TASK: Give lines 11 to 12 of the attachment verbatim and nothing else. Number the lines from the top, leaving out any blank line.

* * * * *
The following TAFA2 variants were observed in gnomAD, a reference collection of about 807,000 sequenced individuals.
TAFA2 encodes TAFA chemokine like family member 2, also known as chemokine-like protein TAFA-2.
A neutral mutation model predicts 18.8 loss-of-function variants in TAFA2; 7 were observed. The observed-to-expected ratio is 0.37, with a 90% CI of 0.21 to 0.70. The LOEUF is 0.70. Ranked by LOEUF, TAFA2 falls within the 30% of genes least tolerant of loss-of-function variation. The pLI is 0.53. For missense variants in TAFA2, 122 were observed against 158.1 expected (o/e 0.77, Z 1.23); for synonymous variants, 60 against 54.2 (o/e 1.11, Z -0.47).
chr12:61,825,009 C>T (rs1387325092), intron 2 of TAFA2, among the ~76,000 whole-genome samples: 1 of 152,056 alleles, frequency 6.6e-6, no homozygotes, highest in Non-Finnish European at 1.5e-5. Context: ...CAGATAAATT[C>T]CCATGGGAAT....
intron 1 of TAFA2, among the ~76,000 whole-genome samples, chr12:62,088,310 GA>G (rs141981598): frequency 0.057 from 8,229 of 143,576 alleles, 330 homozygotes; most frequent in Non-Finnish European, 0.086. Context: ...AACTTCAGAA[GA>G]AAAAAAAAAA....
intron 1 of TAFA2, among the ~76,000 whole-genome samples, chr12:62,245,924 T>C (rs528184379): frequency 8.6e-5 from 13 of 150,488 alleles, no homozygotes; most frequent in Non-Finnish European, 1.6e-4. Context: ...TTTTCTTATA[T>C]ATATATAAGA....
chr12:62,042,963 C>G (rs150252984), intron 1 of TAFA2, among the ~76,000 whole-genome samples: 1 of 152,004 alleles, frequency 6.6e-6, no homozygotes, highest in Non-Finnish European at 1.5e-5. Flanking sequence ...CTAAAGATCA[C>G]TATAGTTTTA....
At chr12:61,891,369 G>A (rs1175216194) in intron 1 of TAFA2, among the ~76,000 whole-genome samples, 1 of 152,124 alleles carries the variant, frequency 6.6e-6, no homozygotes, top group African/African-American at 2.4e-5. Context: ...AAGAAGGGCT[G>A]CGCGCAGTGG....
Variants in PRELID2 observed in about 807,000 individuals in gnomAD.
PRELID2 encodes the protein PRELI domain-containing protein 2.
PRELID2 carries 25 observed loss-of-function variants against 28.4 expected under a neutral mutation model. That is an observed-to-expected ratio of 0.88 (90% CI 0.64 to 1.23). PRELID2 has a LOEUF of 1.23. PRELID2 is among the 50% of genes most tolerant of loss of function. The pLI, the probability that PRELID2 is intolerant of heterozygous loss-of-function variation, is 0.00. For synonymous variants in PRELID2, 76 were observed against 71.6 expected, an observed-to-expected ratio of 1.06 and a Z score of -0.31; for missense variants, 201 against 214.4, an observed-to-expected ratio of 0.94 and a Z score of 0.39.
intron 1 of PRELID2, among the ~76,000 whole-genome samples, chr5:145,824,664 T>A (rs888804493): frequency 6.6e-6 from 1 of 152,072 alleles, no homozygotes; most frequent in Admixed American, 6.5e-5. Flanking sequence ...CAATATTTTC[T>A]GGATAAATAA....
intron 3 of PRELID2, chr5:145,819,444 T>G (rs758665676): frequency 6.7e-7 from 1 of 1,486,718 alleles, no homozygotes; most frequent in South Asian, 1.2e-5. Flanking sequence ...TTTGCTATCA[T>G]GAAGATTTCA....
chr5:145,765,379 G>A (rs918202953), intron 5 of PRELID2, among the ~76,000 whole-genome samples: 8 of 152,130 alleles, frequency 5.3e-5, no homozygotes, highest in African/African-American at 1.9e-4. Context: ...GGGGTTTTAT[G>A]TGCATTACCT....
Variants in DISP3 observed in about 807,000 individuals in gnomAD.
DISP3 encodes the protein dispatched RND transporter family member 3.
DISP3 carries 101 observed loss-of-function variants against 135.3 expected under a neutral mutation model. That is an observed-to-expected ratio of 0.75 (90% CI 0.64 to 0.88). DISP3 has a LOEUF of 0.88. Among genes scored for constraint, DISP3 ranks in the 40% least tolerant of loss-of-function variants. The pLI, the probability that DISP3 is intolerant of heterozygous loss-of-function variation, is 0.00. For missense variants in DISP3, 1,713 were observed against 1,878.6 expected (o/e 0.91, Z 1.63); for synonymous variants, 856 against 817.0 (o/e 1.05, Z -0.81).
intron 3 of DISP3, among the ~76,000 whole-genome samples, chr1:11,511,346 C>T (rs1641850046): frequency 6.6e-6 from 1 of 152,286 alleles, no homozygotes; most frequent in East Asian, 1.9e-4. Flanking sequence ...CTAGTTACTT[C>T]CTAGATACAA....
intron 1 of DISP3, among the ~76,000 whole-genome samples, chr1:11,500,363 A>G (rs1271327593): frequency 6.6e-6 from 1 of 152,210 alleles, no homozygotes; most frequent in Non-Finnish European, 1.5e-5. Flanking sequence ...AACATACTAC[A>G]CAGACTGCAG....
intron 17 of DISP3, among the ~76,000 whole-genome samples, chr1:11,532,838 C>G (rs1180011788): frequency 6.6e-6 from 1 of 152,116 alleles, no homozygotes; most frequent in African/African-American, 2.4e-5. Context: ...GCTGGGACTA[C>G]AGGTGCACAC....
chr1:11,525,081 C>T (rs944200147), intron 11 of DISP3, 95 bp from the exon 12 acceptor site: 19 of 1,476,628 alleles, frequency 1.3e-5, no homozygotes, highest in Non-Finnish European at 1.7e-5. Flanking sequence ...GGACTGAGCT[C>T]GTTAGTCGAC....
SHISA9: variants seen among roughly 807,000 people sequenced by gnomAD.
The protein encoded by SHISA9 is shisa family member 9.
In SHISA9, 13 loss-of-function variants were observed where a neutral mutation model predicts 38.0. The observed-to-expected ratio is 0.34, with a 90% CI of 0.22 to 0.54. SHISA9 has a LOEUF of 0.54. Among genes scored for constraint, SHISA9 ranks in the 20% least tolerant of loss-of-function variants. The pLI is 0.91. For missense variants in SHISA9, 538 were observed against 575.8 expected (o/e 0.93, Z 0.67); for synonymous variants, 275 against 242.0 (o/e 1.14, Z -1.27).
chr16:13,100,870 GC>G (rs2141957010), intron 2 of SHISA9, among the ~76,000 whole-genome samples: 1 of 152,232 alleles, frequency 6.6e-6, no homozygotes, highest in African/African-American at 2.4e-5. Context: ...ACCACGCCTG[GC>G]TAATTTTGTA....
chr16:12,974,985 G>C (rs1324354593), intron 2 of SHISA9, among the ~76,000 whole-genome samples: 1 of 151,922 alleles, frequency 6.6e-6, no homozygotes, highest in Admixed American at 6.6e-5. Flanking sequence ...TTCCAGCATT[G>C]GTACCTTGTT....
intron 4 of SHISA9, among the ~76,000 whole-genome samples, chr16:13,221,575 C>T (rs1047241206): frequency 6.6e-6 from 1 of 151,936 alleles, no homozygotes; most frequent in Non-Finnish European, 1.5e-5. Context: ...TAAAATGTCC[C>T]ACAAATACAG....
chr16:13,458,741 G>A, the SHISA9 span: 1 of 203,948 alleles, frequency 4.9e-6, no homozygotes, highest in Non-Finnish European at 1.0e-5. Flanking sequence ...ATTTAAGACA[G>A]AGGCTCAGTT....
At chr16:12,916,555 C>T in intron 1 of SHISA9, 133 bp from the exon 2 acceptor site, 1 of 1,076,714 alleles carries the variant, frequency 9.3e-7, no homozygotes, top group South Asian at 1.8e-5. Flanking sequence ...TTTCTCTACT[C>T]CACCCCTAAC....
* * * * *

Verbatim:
PRELID2 carries 25 observed loss-of-function variants against 28.4 expected under a neutral mutation model. That is an observed-to-expected ratio of 0.88 (90% CI 0.64 to 1.23). PRELID2 has a LOEUF of 1.23. PRELID2 is among the 50% of genes most tolerant of loss of function. The pLI, the probability that PRELID2 is intolerant of heterozygous loss-of-function variation, is 0.00. For synonymous variants in PRELID2, 76 were observed against 71.6 expected, an observed-to-expected ratio of 1.06 and a Z score of -0.31; for missense variants, 201 against 214.4, an observed-to-expected ratio of 0.94 and a Z score of 0.39.
intron 1 of PRELID2, among the ~76,000 whole-genome samples, chr5:145,824,664 T>A (rs888804493): frequency 6.6e-6 from 1 of 152,072 alleles, no homozygotes; most frequent in Admixed American, 6.5e-5. Flanking sequence ...CAATATTTTC[T>A]GGATAAATAA....